Beloved community, here’s a prayer for compassion during a global pandemic. May it touch you with God’s call to what our Jewish siblings in the faith call hesed, the Hebrew word that means “loving kindness.” It’s a holy kindness representative of God’s people that extends beyond like kind and kin, and that embraces the truth that we are never alone in our anguish during these trying times.
Creator of the morning, God of newness, shepherd of life itself, thank you for awakening me to a new day. Last night was another one with inadvertent sleep, chock full of dreams I could remember vividly, where I know that the deep sleep I need for true rest never came. Yet, here I am again, facing this day and all of its troubles.
Lord, I am tired. We are tired. With so much sad news permeating our consciousness, we are worn thin to the point of being spiderwebs doing all we can to keep rocks falling toward us from hitting the ground. This isn’t sustainable.
We look to the face of Christ, tears streaming down his face, as he surveys sadness and has compassion. A centurion’s servant, who has always been more than a servant to him, is dying, and Jesus has compassion for this person and acts out of kindness for him, restoring the servant to health. A crowd of thousands with meager means has nothing to eat, and the sun is going down, and his closest followers suggest that they go home to fend for themselves; but Jesus has compassion for each of them and insists that they be fed with whatever resources can be scrounged in that moment.
A family’s loved one, Lazarus, has died, and the bereaved scold Jesus for not showing up sooner to help him; but instead of becoming defensive or feeling deflated, once again, the son of a marginalized teen mother has compassion and invites their dead beloved to take off his grave clothes and live with his family and friends again. We look to this Christ, Your Word made flesh, O God, and he invites us to do as he does.
But how can we pour out compassion when our well is dry? How can we dole out kindness when our spirit is sapped of solace? Honestly, how does he do it, God? How does he keep giving of himself, having an apparently unlimited supply of empathy for people, always jumping to generosity with his words and actions in the midst of sadness and scarcity, antagonism and apathy? How…
Oh. We missed it. When we looked at his face, we just didn’t see it: those tears. We darted right past the fact that our savior was crying, and we looked directly at his actions of loving kindness. There it was all along. It figures that we, who abhor sadness, would miss the ironic source of replenishment for our weary souls. Lament. Grief. Mourning. Didn’t Jesus tell us that those who mourn will be comforted?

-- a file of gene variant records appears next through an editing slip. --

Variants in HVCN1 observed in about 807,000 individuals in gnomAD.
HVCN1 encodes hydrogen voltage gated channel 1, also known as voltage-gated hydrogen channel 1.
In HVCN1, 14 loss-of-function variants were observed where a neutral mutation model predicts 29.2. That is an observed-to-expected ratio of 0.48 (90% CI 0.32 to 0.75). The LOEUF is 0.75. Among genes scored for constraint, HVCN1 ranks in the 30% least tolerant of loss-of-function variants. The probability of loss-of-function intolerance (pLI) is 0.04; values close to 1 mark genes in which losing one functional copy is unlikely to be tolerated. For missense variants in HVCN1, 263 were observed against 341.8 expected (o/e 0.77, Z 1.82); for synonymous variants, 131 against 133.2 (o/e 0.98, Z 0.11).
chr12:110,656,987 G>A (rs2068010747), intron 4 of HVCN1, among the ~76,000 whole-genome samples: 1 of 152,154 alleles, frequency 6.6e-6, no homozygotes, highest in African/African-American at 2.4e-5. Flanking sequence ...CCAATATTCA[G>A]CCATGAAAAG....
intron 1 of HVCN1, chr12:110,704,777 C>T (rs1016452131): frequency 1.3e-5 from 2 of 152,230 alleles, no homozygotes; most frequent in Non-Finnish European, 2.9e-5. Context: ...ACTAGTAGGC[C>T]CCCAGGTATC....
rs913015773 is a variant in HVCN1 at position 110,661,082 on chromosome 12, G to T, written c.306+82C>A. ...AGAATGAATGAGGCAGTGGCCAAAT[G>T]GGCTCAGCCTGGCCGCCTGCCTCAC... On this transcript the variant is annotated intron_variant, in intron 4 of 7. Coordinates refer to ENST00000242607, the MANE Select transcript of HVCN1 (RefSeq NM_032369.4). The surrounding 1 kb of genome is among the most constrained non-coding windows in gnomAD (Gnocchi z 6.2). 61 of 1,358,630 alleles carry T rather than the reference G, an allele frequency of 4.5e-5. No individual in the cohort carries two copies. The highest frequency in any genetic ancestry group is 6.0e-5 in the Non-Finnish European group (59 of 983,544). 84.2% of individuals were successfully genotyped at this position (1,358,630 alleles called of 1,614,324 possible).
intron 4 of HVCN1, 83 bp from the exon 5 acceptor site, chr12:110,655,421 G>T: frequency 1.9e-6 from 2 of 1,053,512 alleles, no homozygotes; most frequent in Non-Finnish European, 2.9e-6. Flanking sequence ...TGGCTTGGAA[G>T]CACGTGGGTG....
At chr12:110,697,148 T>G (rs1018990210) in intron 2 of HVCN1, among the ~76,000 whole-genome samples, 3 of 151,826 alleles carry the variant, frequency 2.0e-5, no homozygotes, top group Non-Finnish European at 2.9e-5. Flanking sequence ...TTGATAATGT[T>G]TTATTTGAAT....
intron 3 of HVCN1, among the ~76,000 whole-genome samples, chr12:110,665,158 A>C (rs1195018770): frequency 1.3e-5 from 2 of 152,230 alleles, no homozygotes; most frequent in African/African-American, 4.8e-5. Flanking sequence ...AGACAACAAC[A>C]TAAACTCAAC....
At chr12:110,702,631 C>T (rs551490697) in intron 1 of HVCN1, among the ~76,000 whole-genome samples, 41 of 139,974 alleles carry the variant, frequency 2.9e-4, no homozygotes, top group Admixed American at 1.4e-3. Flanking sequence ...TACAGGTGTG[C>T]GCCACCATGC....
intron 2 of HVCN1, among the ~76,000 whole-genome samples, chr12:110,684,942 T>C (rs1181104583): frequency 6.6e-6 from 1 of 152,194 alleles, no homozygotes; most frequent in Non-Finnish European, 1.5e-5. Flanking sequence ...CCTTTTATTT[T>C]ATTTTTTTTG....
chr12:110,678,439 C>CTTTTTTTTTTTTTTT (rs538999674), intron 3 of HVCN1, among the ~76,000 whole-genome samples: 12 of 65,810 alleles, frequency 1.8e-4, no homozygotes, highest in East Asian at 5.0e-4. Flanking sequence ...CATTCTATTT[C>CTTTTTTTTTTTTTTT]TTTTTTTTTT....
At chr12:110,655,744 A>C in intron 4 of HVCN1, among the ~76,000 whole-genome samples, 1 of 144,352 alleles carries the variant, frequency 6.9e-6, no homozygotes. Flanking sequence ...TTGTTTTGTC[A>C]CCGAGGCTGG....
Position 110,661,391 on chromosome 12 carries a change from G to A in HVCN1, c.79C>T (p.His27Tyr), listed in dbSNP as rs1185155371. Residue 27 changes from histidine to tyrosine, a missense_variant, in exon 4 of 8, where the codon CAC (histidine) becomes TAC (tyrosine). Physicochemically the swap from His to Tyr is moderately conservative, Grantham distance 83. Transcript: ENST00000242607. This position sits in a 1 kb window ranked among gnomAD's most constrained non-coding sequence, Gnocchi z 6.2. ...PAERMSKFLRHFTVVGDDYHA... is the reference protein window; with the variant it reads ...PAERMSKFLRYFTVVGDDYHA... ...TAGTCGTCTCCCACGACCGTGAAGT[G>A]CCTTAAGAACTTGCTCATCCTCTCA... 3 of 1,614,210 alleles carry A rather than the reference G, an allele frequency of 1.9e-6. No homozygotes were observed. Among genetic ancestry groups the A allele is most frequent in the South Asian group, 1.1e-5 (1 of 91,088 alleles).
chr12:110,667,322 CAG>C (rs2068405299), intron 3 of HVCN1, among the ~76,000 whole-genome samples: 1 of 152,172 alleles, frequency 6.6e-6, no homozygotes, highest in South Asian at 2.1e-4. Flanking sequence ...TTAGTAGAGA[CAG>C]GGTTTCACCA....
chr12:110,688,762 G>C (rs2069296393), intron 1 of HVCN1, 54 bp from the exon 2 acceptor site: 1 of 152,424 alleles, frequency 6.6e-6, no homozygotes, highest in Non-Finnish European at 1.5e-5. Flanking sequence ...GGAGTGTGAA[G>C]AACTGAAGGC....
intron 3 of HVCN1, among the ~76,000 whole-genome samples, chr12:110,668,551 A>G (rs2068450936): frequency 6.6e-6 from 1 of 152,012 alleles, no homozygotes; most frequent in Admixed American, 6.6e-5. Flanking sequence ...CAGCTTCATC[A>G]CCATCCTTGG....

Good and gracious God, forgive us for not pausing to grieve. Strengthen us, by your grace, to ponder deeply the news that over half a million people, nearly 600,000, have died from the global pandemic that grips us. In our state of Texas, grant us the courage of spirit to lament with loud cries the record amount of deaths, as well as the explosion of confirmed cases of COVID-19 and so many more that exist unconfirmed. Redirect what little energy we have left away from politicized culture wars over face coverings and premature reopenings so that we would delve deeply into the reality we have yet to truly face as a people whose fate is bound up with one another: that so many have died, so many are sick, so many are struggling and weary from loss of community, so many are losing hope. Open the eyes of our heart to the depth of this pain.
It’s been four months of loss, yet we have not paused to lament. Catch us in our anxious scurrying, Lord, and turn us toward one another and the reality of loss that is wearing us thin. Set us free, liberating God, to grieve and mourn. For it is in such an overdue immersion into the palpable sadness of these days that we will find renewed strength to do more than just carry on, but to help each other, to serve the people around us, and to love one another before we move on to the next distraction from that urgent call to compassion. In your mercy we pray. Amen.
The Rev. Dan De Leon is the pastor of Friends Congregational Church, United Church of Christ, College Station.